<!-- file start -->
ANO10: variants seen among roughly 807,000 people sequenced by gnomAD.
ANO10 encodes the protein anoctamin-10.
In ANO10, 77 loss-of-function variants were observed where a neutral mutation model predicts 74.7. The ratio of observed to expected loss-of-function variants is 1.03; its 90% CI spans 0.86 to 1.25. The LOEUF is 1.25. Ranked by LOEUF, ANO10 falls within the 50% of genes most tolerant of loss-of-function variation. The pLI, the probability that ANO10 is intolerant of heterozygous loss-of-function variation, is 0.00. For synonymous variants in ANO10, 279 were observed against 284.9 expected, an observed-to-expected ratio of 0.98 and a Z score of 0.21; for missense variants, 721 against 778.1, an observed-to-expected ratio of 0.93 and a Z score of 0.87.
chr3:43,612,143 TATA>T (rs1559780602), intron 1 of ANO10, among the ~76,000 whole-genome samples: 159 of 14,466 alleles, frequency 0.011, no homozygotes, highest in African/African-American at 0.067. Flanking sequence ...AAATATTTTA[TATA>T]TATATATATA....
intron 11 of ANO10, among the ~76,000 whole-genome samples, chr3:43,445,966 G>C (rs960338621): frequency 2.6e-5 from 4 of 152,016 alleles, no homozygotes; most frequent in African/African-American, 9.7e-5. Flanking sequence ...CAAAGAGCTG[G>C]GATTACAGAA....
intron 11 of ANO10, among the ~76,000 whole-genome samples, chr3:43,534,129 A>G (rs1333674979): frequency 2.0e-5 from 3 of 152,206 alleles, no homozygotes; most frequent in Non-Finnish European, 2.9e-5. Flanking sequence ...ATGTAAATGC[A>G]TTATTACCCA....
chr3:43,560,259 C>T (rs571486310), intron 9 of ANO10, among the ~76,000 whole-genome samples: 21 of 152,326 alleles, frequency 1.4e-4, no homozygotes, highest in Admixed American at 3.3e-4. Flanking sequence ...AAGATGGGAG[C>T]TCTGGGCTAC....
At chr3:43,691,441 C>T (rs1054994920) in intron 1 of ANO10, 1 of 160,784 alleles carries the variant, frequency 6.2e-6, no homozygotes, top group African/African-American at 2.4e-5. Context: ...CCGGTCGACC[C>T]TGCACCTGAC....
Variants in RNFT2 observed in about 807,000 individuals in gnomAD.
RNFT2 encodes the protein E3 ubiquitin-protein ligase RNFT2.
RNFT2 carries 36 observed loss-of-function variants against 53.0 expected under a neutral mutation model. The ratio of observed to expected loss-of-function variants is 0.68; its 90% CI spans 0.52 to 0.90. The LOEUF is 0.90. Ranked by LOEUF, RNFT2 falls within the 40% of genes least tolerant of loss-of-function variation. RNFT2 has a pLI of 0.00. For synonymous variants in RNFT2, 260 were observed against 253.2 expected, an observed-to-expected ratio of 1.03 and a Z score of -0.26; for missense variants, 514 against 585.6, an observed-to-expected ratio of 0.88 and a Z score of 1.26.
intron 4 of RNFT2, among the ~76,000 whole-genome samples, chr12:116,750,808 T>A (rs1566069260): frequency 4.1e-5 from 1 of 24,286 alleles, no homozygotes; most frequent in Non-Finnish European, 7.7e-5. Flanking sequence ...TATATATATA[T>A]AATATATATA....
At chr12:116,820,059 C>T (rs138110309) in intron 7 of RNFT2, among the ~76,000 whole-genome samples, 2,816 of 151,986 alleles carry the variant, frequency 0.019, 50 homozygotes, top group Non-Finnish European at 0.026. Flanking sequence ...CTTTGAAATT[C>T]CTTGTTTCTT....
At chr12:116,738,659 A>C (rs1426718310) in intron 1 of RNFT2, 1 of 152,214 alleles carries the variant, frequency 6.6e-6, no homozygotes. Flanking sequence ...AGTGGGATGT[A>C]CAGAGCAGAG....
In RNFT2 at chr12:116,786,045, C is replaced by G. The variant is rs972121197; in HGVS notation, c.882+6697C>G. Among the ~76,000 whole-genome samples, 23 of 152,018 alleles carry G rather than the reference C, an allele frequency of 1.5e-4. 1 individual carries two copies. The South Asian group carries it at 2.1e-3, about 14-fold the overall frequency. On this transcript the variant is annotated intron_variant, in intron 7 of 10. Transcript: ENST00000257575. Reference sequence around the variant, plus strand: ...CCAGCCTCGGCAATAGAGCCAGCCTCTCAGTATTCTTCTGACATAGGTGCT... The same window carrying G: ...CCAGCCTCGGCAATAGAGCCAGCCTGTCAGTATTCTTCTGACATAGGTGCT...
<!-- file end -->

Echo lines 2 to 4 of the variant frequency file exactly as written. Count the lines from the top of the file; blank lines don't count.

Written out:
ANO10 encodes the protein anoctamin-10.
In ANO10, 77 loss-of-function variants were observed where a neutral mutation model predicts 74.7. The ratio of observed to expected loss-of-function variants is 1.03; its 90% CI spans 0.86 to 1.25. The LOEUF is 1.25. Ranked by LOEUF, ANO10 falls within the 50% of genes most tolerant of loss-of-function variation. The pLI, the probability that ANO10 is intolerant of heterozygous loss-of-function variation, is 0.00. For synonymous variants in ANO10, 279 were observed against 284.9 expected, an observed-to-expected ratio of 0.98 and a Z score of 0.21; for missense variants, 721 against 778.1, an observed-to-expected ratio of 0.93 and a Z score of 0.87.
chr3:43,612,143 TATA>T (rs1559780602), intron 1 of ANO10, among the ~76,000 whole-genome samples: 159 of 14,466 alleles, frequency 0.011, no homozygotes, highest in African/African-American at 0.067. Flanking sequence ...AAATATTTTA[TATA>T]TATATATATA....